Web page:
Sony Ericsson Xperia X10 review:

Sony Ericsson Xperia X10

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Typical Price: £500.00
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4 stars

CNET Editors' Rating

3.5 stars 18 user reviews

The Good Good camera; integration with online photo albums; big 102mm screen; great connectivity; decent battery life for a smart phone; 1GB on-board memory plus microSD support; powerful Android operating system; access to Android apps.

The Bad Photo light doesn't come on automatically; social-networking integration could be better; sluggish at rare times; no multi-touch; its older version of Android lacks a handful of features.

The Bottom Line A decent camera and beautiful screen are just the beginning for the Sony Ericsson Xperia X10, which is packed with juicy hardware features. The software's not bad either, although it doesn't quite live up to the latest smart phones, due to an older version of the Android OS and custom apps that are more about the sizzle than the sausage

Visit manufacturer site for details.

8.3 Overall

The Sony Ericsson Xperia X10 has a body that makes a thousand promises, with a big 102mm (4-inch) screen and an 8.1-megapixel camera backed by a curvaceous booty. Unfortunately, it doesn't follow through on the flirting, due to its slightly older version of the Android operating system and user interface tweaks that need more polish.

It's available now online SIM-free for the thick end of £500, for £430 on pay as you go or free on contracts from £25 a month.

Escape the landscape
Sony Ericsson has jazzed up the bog-standard version of Google's Android operating system, and in theory we're right behind it. Android can be uninspiring and complex in places, so a little sparkle can really improve an OS that's otherwise powerful and fun. Son Eric's efforts are a mixed bag, however.

The X10 sports two headline features -- Timescape and Mediascape. Timescape brings together everything from texts, email and tweets to recent photos and songs into a zippy timeline, which you flick through with a finger. It's cool-looking, and we like the idea, but it's not as useful as it could be.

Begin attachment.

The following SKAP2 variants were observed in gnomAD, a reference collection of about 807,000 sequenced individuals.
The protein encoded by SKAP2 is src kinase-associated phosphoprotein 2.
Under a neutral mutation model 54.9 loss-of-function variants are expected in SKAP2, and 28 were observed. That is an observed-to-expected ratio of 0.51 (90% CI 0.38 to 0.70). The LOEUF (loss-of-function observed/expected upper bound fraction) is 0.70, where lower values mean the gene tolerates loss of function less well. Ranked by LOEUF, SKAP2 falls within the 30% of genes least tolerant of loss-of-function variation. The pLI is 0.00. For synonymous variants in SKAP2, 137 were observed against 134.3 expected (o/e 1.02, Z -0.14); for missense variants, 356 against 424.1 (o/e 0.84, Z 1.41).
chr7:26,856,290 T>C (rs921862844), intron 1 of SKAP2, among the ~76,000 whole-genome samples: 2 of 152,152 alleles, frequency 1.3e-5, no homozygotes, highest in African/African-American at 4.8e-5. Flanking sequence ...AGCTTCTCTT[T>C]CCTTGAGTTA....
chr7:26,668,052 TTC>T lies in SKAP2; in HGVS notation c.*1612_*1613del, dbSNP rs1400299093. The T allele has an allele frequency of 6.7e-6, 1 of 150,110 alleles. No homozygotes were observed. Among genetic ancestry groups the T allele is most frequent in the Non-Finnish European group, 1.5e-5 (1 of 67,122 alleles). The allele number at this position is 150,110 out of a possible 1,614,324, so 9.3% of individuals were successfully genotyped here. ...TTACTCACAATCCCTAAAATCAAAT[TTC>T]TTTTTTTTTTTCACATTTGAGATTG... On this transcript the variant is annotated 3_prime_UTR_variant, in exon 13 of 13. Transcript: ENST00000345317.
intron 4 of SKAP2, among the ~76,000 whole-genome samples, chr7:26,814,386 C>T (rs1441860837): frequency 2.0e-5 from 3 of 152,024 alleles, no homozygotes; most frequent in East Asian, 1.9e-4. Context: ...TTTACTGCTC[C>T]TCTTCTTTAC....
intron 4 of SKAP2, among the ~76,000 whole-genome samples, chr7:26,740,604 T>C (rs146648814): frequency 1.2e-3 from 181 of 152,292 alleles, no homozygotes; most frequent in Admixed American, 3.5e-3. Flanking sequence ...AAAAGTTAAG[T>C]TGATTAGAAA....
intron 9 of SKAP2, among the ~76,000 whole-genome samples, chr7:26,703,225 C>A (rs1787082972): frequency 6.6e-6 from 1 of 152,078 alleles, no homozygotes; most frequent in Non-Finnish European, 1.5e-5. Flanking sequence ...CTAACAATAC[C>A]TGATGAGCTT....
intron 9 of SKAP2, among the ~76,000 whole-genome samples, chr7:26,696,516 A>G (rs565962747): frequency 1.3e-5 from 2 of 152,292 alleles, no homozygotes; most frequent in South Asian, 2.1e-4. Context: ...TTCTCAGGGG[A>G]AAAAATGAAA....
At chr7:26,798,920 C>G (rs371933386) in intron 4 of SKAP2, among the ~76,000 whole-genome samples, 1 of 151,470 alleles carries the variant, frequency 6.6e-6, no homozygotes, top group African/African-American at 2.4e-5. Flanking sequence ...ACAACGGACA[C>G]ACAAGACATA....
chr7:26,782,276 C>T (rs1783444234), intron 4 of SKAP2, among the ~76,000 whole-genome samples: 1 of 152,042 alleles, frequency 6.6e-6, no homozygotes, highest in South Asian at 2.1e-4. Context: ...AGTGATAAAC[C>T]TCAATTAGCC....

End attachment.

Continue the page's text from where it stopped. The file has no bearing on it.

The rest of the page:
Timescape is a neat idea, but not terribly well implemented

It's great to see all your tweets and updates in one stream, but you have to tap each message to see more than the first few words, and then tap again to open a separate application to reply, follow a link, or anything else. For our tweets, that meant re-opening the Twitter Web site every time we wanted to do anything other than read -- click a link, for example -- and then hitting the back button several times to get back to Timescape. Social media is all about interaction, so until you can interact seamlessly, Timescape needs work.

Mediascape, on the other hand, is a useful treat. It shows the music, video and photos on your phone, and also displays your online photo albums from services such as Picasa and Facebook. In our tests, online photos sometimes took a moment to load, even over Wi-Fi, but we loved having them available on our phone.

Mediascape doesn't have some of the slick user interface actions of Timescape -- for example, you can slide your finger to filter the items in Timescape when you want to just see text messages, for example. In Mediascape, you have to tap the on-screen buttons rather than swipe with a finger to move between categories. We'd rather have function over form though, so we wish Son Eric had spent more time focusing on what's useful rather than whizzy transitions.

Android on board
Because Sony Ericsson has taken the time to tweak Android with its fancy footnotes, the X10 has fallen behind. It runs version 1.6 of Android, rather than the latest version, 2.1, seen on the HTC Legend and others. If you haven't used Android before, you probably won't notice the difference -- you can still download and install apps, use Google Maps, and lots of other fun stuff.

There are one or two features you'll miss out on though -- the later version can support more than one Google account, for example, so if you have a Gmail account and a Google Apps account you can't use them both. But this won't affect many people, and most of the other holes have been plugged by Sony Ericsson. It's added support for Microsoft Exchange email, which many people use at work, since that feature wasn't added to Android until version 2.1.

Sony Ericsson has promised the X10 will get frequent updates, which is admirable -- especially since most people will be forking out for a two-year contract for this phone. That means later versions of Android and refreshes to the custom features, unlocking bits of the hardware that aren't yet supported by the OS, such as an even higher colour resolution for the screen. We expect the company will live up to this promise, so if you fall in love with the X10, we don't think you should stay away just because of the slightly older version of Android.

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